As a potential home buyer, you might be obsessing about interest rates—and that’s completely normal. You naturally want to get the best mortgage rate possible, but you shouldn’t have to agonize over something that’s not in your control. While it’s true that the higher the interest rate, the higher your payment will be, you also want to consider how that rate will actually affect your payment in real dollars and cents.
QUICK MORTGAGE TIP: Interest rates are not controlled by the bank; they’re actually controlled by the Mortgage-Backed Securities Market (MBS).
What Is The MBS?
Mortgage-backed securities are investments that are traded in real time on the bond market. MBS allows investors to benefit from the mortgage business (including monthly payments and the principal repayment) without actually having to offer the loan themselves.
To illustrate: think of your 401k or other invested equity assets. They will increase or decrease day over day, depending on a variety of economic and political factors. MBS are similarly traded daily on the open bond market, with FHA and VA lenders setting their rates based on these prices. That means that mortgage rates and loan fees will increase or decrease depending on current MBS market prices.
The bottom line? The MBS is responsible for driving interest rates higher or lower at any given time.
How Does This Affect Me?
The higher the interest rate, the larger your portion of principal interest in your housing payment will be. Want I want you to consider, however, is how little these interest fluctuations will actually affect your monthly payment.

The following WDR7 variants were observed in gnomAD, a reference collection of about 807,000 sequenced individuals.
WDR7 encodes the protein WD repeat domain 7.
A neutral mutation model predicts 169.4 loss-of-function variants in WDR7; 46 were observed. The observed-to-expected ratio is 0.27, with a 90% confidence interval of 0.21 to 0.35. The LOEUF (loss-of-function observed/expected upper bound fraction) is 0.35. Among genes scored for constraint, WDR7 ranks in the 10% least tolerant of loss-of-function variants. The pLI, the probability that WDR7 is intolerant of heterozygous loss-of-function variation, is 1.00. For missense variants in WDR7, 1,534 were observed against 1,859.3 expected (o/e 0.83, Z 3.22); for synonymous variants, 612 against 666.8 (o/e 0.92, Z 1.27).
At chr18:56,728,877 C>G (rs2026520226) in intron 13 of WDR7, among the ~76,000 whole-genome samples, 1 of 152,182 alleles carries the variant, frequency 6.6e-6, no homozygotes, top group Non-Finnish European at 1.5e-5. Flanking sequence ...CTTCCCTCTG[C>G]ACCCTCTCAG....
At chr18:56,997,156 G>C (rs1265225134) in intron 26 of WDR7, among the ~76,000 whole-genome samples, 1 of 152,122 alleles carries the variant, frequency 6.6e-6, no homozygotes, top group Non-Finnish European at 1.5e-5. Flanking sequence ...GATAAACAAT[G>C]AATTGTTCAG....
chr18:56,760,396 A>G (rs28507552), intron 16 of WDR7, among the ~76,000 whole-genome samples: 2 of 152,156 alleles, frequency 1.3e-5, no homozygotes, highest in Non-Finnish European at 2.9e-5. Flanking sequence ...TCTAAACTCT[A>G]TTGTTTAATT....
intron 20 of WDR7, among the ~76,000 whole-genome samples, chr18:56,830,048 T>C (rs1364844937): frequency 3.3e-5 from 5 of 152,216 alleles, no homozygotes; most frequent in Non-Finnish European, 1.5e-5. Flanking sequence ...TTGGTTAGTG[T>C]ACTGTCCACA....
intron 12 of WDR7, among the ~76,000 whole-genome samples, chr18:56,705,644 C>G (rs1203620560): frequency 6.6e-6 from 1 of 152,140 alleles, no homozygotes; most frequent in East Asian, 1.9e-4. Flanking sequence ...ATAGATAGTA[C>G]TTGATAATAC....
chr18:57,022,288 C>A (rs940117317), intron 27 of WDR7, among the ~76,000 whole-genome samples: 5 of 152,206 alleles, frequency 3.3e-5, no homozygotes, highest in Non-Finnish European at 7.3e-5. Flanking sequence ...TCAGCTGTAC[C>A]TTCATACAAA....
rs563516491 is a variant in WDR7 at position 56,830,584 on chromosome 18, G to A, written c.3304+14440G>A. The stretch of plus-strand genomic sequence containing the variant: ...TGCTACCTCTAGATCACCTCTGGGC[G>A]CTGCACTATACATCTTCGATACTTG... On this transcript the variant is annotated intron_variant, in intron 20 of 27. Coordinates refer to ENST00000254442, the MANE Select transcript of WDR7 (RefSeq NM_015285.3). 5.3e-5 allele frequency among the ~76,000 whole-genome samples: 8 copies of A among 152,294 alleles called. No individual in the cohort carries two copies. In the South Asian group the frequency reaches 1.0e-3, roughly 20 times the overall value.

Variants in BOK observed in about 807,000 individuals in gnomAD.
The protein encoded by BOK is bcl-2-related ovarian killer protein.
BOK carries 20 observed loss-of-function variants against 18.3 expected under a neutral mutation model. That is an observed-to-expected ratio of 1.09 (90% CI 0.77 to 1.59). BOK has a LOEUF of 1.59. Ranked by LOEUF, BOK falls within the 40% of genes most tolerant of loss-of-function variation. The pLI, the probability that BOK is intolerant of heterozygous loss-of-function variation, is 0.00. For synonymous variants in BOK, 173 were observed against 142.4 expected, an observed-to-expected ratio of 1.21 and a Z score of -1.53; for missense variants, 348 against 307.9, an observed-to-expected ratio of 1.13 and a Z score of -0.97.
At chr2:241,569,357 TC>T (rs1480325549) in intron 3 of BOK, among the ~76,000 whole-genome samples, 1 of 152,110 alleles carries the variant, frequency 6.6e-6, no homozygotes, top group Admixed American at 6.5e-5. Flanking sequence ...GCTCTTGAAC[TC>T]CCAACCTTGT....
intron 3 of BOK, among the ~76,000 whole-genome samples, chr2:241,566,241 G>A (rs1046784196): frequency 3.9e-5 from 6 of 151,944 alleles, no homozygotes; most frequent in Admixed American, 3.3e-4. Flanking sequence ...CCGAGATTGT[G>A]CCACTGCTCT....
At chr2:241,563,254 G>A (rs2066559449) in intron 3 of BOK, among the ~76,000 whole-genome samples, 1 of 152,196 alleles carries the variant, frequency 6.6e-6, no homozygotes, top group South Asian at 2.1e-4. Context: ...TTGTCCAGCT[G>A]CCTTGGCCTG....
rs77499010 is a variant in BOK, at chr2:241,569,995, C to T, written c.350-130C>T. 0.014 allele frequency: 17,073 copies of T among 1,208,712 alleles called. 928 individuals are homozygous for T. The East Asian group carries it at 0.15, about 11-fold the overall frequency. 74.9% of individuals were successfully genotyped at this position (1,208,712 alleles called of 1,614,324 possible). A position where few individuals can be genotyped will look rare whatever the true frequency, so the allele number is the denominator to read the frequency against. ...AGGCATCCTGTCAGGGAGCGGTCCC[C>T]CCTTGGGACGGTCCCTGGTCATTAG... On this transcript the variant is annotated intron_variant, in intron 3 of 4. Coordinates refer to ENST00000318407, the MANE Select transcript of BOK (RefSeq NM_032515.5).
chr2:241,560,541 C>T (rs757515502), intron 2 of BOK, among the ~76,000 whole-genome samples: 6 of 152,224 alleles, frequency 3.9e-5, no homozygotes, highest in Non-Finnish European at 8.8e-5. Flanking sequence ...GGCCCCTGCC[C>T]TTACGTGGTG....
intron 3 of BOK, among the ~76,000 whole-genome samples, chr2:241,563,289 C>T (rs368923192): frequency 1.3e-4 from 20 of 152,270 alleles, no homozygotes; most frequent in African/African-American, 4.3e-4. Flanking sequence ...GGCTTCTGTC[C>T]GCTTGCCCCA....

For example: let’s say you’re borrowing $350,000. Since mortgage rates always increase or decrease by eights (or .125), a .125% increase on $350,000 is only $26. As long as you have your budget in place (check out the previous lesson if you haven’t already), these market fluctuations shouldn’t break the bank on your housing budget.
You’ll also only notice a small change even when it comes to purchase price. As you’re out in the field looking at houses with your realtor, you may find housing options that are outside of your original budget. In this case, let’s imagine another scenario.
Say that your dream home is priced at a non-negotiable amount of $360,000 but your budget was set at $350,000. How much extra, though, would that $10,000 really cost per month? If your interest rate was 4.5%, that $10,000 additional amount would only raise your monthly payment by $50. That’s a small price to pay when it comes to acquiring your dream home!
Understanding how interest rates work will allow you to make the best decision when it comes to your housing budget and the loan program you choose. While it’s great to set a budget for the price of a home, you’ll want to base your decision to make an offer around the total monthly payment and not just the total purchase price.
My advice: make sure you have someone who can pay attention to market prices and fluctuations that would affect your monthly housing payment.